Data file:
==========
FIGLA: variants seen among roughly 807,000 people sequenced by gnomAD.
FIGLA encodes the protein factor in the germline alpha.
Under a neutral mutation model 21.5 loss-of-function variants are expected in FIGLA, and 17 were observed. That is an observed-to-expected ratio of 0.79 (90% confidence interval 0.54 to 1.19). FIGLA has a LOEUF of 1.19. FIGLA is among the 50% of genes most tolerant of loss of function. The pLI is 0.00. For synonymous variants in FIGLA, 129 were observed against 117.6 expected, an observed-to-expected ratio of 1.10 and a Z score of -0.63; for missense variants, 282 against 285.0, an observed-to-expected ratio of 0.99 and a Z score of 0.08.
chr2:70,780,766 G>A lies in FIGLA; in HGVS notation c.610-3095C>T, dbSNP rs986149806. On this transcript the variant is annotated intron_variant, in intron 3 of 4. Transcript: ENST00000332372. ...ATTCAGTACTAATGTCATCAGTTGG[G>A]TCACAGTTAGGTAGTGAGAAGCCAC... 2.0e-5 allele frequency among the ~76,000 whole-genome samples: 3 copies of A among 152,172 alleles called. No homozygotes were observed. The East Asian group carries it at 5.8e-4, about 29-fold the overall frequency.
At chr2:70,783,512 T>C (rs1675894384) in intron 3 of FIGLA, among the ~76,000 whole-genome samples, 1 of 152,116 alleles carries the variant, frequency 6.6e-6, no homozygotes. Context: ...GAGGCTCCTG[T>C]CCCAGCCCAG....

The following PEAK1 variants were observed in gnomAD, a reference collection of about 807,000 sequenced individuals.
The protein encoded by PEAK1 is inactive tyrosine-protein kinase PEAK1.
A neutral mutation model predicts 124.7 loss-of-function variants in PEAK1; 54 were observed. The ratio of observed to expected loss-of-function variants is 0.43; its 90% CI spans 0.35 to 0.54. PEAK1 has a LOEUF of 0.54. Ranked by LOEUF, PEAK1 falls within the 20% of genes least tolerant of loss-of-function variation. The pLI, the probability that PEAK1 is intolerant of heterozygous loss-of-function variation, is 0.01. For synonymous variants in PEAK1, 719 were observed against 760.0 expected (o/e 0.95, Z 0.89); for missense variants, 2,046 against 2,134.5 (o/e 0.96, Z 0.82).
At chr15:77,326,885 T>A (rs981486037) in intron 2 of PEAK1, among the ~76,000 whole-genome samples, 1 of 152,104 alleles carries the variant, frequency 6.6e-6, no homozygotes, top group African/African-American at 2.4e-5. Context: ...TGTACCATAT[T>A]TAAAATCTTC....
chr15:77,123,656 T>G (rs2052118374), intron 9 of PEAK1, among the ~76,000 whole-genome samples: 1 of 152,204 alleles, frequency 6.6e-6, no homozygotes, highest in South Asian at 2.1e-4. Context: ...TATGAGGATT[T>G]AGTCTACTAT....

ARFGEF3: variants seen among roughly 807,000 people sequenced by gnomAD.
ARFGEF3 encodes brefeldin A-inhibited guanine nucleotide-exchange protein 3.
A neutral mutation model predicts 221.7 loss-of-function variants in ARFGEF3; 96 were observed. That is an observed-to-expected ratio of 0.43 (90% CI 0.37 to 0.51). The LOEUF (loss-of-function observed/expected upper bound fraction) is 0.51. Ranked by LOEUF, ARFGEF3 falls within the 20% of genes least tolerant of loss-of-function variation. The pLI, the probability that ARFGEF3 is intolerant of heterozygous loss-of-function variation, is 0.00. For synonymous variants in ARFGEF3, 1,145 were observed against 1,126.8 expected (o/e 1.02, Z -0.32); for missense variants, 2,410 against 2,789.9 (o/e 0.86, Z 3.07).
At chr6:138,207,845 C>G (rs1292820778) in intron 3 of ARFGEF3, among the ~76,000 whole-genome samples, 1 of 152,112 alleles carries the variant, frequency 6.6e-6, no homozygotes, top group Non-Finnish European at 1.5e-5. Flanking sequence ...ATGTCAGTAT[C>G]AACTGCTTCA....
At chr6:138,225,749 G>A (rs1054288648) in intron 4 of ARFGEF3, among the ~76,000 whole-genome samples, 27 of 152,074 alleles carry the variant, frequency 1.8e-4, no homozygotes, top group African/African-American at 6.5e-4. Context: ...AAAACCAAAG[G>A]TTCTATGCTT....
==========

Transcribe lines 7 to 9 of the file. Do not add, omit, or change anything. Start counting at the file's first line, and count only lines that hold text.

The protein encoded by PEAK1 is inactive tyrosine-protein kinase PEAK1.
A neutral mutation model predicts 124.7 loss-of-function variants in PEAK1; 54 were observed. The ratio of observed to expected loss-of-function variants is 0.43; its 90% CI spans 0.35 to 0.54. PEAK1 has a LOEUF of 0.54. Ranked by LOEUF, PEAK1 falls within the 20% of genes least tolerant of loss-of-function variation. The pLI, the probability that PEAK1 is intolerant of heterozygous loss-of-function variation, is 0.01. For synonymous variants in PEAK1, 719 were observed against 760.0 expected (o/e 0.95, Z 0.89); for missense variants, 2,046 against 2,134.5 (o/e 0.96, Z 0.82).
At chr15:77,326,885 T>A (rs981486037) in intron 2 of PEAK1, among the ~76,000 whole-genome samples, 1 of 152,104 alleles carries the variant, frequency 6.6e-6, no homozygotes, top group African/African-American at 2.4e-5. Context: ...TGTACCATAT[T>A]TAAAATCTTC....